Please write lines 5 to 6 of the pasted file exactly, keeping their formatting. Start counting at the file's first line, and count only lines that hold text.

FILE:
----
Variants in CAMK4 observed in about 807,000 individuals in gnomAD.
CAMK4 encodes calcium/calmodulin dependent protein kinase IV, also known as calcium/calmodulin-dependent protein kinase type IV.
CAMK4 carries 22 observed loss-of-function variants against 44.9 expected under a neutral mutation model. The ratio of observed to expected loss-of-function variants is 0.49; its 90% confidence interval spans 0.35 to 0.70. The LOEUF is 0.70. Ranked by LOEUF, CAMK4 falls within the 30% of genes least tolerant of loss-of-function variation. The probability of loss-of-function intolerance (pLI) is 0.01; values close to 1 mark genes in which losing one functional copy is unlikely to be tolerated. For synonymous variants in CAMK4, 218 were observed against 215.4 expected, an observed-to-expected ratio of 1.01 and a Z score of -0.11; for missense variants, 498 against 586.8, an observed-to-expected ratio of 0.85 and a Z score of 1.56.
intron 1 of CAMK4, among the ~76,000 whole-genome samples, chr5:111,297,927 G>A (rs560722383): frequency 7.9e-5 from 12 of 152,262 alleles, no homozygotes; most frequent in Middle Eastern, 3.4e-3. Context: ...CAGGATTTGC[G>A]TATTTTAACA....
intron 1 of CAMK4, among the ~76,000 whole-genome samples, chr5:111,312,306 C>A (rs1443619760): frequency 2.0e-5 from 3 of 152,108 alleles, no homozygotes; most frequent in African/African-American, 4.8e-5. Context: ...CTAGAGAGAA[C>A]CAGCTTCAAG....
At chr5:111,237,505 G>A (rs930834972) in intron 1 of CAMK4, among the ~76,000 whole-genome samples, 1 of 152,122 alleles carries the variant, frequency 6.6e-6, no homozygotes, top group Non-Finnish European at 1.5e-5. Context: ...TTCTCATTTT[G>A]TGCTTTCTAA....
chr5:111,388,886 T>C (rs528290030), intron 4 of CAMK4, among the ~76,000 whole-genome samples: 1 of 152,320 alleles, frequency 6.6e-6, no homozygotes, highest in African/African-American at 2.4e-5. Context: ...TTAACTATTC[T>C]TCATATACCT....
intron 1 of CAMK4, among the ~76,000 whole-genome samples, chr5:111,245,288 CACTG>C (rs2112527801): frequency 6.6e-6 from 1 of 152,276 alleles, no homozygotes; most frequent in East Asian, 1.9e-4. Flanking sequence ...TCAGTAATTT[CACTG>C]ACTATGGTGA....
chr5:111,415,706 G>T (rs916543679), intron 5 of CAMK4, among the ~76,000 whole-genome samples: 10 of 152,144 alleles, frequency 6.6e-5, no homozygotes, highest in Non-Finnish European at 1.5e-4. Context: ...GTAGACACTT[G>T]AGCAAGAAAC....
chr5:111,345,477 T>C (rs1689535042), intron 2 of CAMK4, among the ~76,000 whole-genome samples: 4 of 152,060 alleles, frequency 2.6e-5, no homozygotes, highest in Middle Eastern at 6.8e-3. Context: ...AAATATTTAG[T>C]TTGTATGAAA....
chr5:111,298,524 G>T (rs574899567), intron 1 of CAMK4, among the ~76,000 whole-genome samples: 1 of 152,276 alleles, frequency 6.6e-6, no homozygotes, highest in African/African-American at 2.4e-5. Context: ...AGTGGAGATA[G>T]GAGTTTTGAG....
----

intron 1 of CAMK4, among the ~76,000 whole-genome samples, chr5:111,312,306 C>A (rs1443619760): frequency 2.0e-5 from 3 of 152,108 alleles, no homozygotes; most frequent in African/African-American, 4.8e-5. Context: ...CTAGAGAGAA[C>A]CAGCTTCAAG....
At chr5:111,237,505 G>A (rs930834972) in intron 1 of CAMK4, among the ~76,000 whole-genome samples, 1 of 152,122 alleles carries the variant, frequency 6.6e-6, no homozygotes, top group Non-Finnish European at 1.5e-5. Context: ...TTCTCATTTT[G>A]TGCTTTCTAA....